Hello– once again.

Me: Nat

You: Reading Simpler Machines.

In theory this is a weekly newsletter – in practice I got kind of wrapped up in the Elixir project – which still isn't quite ready to be shown off, but we're getting there.

In the meantime – here's a quick note on estimates and how at least one other industry makes them.

A few months ago, Odd Lots did an episode about how retail companies select sites for storefronts. One bit in particular:

Chris (47:53):
In regards to traffic, I've probably spent more time in my life behind a windshield sitting at a corner, counting cars, than I would like to admit.
Joe (48:01):
Say more.
Chris (48:02):
It's pretty easy to find where the strong a.m. traffic pattern is versus p.m. You sit at an intersection and you watch traffic and you do that from like 8 to 10 a.m. or you do that at 4 to 5 p.m. and then the inverse logic is there. So if it's heavier at 4 or 5 p.m., you know that the other side of the road is heavier in the morning. That's the easiest way to find – at any coffee site β€” is to sit at an intersection and count cars if you're unfamiliar with that trade area.

There's a lot of numbers like that in the episode – this rule-of-thumb-based data collection. The folks who do this work have some heuristic models – how far away people will drive from to a particular kind of site, or what other kinds of stores their customers are interested in – and they go out and they take some samples and they do some math and they come back with an estimate for the volume they expect to see at a proposed site.

This, uh, isn't really how we do things in software. The method I've seen most often is, "Ask an engineer how long it will take." Maybe it's in time, maybe it's in "t-shirt size," maybe you put some effort into breaking the tasks down first and then add the estimates back up together, but it's still basically engineers making guesses and then someone adding them together.

I've always been vaguely bothered by this, but until now I haven't understood why. There are roughly three senses of "estimate." One is "a prediction of how much something will cost." One is "a guess."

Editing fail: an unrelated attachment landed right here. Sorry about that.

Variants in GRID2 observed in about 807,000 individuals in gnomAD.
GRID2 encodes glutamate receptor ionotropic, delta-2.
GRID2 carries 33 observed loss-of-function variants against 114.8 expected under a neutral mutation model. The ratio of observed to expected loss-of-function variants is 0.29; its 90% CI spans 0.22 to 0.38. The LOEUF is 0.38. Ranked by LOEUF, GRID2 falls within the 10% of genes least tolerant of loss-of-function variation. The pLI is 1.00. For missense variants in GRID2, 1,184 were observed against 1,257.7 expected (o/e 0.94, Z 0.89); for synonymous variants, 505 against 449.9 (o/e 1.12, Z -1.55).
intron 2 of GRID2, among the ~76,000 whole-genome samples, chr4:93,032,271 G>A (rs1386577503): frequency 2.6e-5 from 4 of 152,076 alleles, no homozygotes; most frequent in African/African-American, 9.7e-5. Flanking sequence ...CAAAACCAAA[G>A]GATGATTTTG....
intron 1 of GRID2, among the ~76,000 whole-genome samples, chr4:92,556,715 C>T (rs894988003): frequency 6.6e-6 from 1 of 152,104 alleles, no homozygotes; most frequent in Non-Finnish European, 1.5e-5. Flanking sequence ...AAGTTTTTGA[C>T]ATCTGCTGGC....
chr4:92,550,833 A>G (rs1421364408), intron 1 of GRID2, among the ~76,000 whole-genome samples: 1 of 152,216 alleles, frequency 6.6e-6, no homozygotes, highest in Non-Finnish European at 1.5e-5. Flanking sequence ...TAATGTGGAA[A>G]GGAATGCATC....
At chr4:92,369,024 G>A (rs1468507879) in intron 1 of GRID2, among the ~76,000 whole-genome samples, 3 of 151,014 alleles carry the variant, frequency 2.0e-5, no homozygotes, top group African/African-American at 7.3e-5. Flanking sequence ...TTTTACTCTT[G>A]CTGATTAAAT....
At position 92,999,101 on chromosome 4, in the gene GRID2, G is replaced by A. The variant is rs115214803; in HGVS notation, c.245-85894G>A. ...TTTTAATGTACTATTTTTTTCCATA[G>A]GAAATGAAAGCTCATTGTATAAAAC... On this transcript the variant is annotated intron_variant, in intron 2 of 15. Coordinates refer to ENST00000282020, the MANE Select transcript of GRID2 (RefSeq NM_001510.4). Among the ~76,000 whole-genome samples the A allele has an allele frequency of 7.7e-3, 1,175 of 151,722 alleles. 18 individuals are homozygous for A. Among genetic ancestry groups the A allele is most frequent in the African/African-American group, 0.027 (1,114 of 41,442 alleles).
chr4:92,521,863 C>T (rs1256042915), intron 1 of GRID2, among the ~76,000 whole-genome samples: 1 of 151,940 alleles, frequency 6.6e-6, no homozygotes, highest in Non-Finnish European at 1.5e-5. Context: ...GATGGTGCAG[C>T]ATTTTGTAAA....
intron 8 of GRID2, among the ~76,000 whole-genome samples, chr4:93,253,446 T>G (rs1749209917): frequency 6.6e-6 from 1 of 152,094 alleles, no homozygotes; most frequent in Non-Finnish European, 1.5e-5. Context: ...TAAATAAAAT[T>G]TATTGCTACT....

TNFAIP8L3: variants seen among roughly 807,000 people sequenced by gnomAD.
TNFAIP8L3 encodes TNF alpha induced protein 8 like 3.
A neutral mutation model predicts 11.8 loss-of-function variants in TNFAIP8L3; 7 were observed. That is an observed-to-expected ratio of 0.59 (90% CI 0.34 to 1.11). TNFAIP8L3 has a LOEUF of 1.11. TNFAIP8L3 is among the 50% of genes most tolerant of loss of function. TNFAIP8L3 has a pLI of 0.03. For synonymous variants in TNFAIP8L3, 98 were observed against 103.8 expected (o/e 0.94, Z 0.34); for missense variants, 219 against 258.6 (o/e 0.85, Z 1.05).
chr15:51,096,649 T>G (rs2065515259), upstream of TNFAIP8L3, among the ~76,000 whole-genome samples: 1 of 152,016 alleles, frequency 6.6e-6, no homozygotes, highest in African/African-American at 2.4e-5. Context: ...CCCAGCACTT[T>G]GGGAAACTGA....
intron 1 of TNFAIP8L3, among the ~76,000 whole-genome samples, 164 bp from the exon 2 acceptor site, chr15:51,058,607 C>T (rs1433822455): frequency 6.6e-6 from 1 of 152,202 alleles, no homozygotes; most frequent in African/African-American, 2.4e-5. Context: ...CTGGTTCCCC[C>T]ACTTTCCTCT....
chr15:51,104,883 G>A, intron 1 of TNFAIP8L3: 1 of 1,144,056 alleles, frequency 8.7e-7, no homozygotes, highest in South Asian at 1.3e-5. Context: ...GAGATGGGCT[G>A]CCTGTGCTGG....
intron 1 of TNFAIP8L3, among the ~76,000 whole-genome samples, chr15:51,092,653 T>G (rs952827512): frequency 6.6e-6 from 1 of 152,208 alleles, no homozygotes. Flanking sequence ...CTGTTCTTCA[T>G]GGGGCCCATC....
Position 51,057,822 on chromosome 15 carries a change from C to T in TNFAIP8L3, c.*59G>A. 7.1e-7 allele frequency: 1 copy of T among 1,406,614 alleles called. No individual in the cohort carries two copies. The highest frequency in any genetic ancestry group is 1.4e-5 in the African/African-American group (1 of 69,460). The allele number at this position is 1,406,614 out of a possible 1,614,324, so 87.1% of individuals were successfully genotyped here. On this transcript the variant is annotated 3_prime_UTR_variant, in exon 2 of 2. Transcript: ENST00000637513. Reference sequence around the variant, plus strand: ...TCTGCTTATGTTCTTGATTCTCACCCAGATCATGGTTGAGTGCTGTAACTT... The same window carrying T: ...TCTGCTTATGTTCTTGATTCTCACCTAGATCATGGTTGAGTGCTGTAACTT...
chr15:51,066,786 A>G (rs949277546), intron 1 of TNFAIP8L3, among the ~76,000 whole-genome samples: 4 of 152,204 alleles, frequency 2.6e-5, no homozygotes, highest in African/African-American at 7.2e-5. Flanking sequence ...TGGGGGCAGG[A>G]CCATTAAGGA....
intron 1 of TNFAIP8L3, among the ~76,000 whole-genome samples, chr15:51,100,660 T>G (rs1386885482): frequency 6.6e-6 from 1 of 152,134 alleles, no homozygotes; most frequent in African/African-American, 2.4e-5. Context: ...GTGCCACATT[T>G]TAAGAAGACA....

But another definition is a rough calculation.

You have a model. You take some kind of proxy measurement. You make a calculation based on the model. Now that's an estimate.

This probably explains why my favorite estimate method here is story counting. Break stories down into manageable-feeling pieces, have the team work on them for a few weeks, and then average stories-per-week. Then write some more stories, and– tada! A real rule-of-thumb calculation – no guesses required.

(If you have a desperate need for estimates, incidentally, I recommend George Dinwiddie's book on the topic – Software Estimation Without Guessing. One thing I found particularly helpful about it is that it covers the use cases for estimates, and the different methods appropriate for different use cases.)

Speaking of napkin math – a friend of mine recently calculated that it had cost a client about $60,000 for him to develop the capability to deliver estimates for a particular project. This sounds about right to me as a ballpark figure – you should probably only try to use estimates if the estimate would be worth at least that much.

Anyway– trying to keep this short. Code to write and sushi to eat.

More soon.

- Nat

You don't have to guess to estimate

There are roughly three senses of "estimate." One is "a prediction of how much something will cost." One is "a guess." But another definition is a rough calculation.